Harry Truman left the White House in 1953, returning to Independence, Mo., to read and reflect on his presidency and the state of the world. His memoirs were published in two volumes in 1955 and 1956.
In February 1959, This Week Magazine, distributed in Sunday newspapers across the country, published an article by Truman, in which the former president described the six “great turning points” in American history, one of those being the Whiskey Rebellion of 1794.
It is that revolt by Western Pennsylvania farmers, incensed by a federal tax on the whiskey made from their grain, that we celebrate this week with the Whiskey Rebellion Festival in downtown Washington, which begins today.
The United States government in its early years struggled with enormous debt from the War of Independence. To address this, it imposed an excise tax on all stills and alcohol. Farmers in this part of the state were furious; the only economical way to ship their grain to the populated east was by reducing it to the much more transportable whiskey.
The farmers refused to pay the tax, and the federal agents who tried to collected it met fierce resistance. Facing the first test of the strength of the new federal government, President George Washington mobilized 13,000 troops, and the rebellion was quickly quelled.
David Bradford, the Washington lawyer and leader of the revolt, fled to Spanish West Florida – what is now Louisiana – never to return. The leaders were charged with treason, but only Bradford was never pardoned.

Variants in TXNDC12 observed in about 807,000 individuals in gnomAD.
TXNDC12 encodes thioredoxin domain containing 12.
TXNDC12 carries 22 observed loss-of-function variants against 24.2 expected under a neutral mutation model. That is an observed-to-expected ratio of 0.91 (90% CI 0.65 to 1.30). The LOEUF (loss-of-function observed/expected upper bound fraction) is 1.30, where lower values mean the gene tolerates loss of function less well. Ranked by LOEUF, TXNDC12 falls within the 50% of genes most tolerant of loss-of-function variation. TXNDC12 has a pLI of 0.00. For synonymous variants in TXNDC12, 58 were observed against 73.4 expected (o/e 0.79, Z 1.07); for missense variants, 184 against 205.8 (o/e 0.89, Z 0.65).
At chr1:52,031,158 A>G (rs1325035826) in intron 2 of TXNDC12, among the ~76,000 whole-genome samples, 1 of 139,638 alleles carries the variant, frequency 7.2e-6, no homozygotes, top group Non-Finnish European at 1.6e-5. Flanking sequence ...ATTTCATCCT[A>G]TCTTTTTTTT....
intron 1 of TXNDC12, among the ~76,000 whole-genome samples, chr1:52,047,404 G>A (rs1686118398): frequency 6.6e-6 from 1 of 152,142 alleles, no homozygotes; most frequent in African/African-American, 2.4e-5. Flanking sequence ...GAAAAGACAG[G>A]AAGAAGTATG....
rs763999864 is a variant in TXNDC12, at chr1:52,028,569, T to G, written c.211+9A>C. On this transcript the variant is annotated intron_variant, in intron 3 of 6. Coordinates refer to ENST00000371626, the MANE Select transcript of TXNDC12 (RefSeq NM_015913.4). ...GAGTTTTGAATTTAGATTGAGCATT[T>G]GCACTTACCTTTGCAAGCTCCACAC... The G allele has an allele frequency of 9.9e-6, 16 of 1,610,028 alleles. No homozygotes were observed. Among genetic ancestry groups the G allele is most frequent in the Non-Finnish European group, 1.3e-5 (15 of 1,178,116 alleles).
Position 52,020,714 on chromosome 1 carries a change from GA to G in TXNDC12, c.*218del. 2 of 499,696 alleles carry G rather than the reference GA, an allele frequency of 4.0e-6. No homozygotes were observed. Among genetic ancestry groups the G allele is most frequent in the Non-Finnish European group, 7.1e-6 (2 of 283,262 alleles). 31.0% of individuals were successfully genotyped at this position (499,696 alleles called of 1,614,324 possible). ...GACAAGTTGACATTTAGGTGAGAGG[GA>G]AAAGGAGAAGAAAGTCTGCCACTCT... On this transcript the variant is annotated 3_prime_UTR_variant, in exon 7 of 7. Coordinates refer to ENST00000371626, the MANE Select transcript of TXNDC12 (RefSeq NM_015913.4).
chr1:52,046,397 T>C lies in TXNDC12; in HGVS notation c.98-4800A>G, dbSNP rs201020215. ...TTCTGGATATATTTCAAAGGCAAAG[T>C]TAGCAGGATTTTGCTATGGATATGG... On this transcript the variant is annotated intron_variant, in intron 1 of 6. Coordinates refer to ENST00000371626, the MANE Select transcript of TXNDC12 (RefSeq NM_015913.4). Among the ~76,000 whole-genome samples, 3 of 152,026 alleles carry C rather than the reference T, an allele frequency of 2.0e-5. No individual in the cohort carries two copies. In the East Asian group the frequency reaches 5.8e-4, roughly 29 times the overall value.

Washington residents can take great pride in the fact that the house Bradford finished building in 1788 still stands on South Main Street, open to the public as a museum of 18th-century life. It is our tangible connection to and our ownership of one of those great turning points in American history.
The David Bradford House, its garden and log-cabin kitchen, along with the LeMoyne House and garden, will be focal points of activities Saturday in the Whiskey Rebellion Festival, but they are just part of a much larger celebration. Following today’s Main Street Farmers’ Market, the Washington Symphony will perform at 8 p.m. under the big tent in the city lot directly across the street from the Observer-Reporter building. The city lots will be hopping with “blues, brews and barbecue” Friday night, while the annual Whiskey Rebellion Dinner goes on at the George Washington Hotel.
A parade at 10 a.m. kicks off Saturday’s events, which include historical theater, live music, carriage rides, children’s activities, trade and craft demonstrations and bus transportation to and from the Frontier History Center at Washington Park. The third History & Heritage Art Show will be on display in the George Washington’s Pioneer Grill. All these attractions, including the musical acts and fireworks Saturday night, are free.
The festival, now in its third year, grew out of the city of Washington’s bicentennial celebration in 2010. It takes a tremendous amount of time and energy to raise the money and organize such a large event, and the volunteers who have done it deserve our praise and support.
We here in Western Pennsylvania, once the very edge of the frontier, and specifically in Washington, are blessed with a long and rich history peppered with events critical to the development of the nation. The Whiskey Rebellion is worth remembering and worth celebrating.
And now is our opportunity.